Style support is better than in earlier versions, but I’m still waiting for them to get rid of what I call the "style bulldozer." If you apply a style to a paragraph containing manual changes (remember that sporadic use of Symbol font I mentioned earlier?), the "partial paragraph" formatting changes are wiped out if the applied style includes information contrary to the manual change. Because of this limitation and the lack of character styles, styles are poor for body text, but great for everything else, such as headers, footers, and tables of contents. You can link styles together in a chain, or base one style on another.
WordPerfect allows you to create lists, including Tables of Contents, Tables of Authorities (for lawyers), figures, text boxes (sidebars), tables, indexes, and up to six other custom lists. If you assign captions to your figures and tables, the list automatically uses the caption as the list text. For indexes, WordPerfect includes a concordance feature that enables you to use a list of terms, one per line in a separate file, to generate the index without marking each entry. Your concordance need not be in alphabetical order, but since WordPerfect lets you sort text, there’s no reason not to speed up indexing by sorting the concordance.
I mostly use Sort for distribution lists, but it’s really a mini-database scheme implemented in a word processor. Sorting seldom receives nearly enough attention in any review I’ve seen, including this one.
WordPerfect treats endnotes and footnotes as separate entities, so you can use both at the same time. I can’t live without endnotes in my technical writing, and on the occasions when I’ve needed footnotes too, it has been nice not to have to fake it manually.
Outlining in WordPerfect is weak, being little more than sophisticated paragraph numbering, and without outlining features like collapse/expand or ready rearrangement of levels.
You can script WordPerfect with Frontier and AppleScript, and it supports the Required and Core suites of Apple events, along with the Word Services Suite that enables you to, for instance, use an external spell checker like Spellswell from Working Software. Although WordPerfect is WorldScript-compatible, it cannot handle right-to-left languages.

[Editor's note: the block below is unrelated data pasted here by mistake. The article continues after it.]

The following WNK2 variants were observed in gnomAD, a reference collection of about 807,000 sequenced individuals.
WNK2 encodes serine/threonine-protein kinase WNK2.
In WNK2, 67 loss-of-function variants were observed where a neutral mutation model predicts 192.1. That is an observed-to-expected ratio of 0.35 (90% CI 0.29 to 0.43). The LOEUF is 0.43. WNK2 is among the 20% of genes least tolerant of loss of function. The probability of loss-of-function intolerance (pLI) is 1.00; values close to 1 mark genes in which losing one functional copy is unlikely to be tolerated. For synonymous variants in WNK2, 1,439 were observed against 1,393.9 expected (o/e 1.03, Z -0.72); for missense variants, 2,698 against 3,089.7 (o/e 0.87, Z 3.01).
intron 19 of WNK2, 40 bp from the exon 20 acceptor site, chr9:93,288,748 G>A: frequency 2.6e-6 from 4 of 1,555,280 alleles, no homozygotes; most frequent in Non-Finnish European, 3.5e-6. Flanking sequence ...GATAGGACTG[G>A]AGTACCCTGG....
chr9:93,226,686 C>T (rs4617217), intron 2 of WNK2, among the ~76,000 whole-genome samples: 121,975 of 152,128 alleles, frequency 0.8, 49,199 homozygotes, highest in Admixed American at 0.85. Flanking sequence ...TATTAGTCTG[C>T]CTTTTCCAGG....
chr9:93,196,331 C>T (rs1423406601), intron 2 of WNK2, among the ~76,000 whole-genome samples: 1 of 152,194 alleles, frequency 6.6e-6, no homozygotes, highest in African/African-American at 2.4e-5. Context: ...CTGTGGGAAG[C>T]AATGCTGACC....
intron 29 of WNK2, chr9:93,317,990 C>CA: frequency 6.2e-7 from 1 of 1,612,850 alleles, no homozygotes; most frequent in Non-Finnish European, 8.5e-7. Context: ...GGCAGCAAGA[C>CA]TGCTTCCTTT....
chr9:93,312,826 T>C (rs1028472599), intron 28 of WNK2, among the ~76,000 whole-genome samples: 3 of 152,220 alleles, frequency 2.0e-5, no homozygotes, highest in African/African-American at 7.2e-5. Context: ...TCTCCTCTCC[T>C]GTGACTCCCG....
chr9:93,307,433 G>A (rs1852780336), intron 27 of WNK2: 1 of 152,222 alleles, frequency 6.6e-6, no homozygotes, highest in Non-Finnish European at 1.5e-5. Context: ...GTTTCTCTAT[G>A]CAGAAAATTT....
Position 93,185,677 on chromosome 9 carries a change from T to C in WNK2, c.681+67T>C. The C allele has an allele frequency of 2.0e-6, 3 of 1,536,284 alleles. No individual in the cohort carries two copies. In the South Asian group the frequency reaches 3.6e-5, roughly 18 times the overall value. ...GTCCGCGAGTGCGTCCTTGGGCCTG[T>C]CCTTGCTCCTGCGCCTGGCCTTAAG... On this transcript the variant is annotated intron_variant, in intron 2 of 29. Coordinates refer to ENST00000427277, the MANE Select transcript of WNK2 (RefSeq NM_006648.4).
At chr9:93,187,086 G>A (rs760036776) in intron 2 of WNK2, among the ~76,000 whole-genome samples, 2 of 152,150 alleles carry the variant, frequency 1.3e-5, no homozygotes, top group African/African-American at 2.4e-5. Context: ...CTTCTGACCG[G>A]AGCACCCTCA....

I can’t effuse enough in describing how much I like WordPerfect’s macros. I almost always have the macro recorder create as much of an operation as I can do manually; then I go to the macro edit window and add loops, conditional branches, keyboard input prompts, and so on. The macro editor has an on-the-fly syntax checker when you hit return after typing a command – a valid command automatically boldfaces to let you know it is valid. If invalid, the first invalid part becomes underlined to identify the glitch. Macros have three kinds of variables – local, global, and document. Local variables are restricted to a single macro, global macros are available to all macros during a session, and document variables are stored with documents. I have a memo-creation macro that stores the author’s name in a document variable. Since the variable is saved with the document, when I or my secretary finish a memo, a signature line macro recalls the author’s name without asking.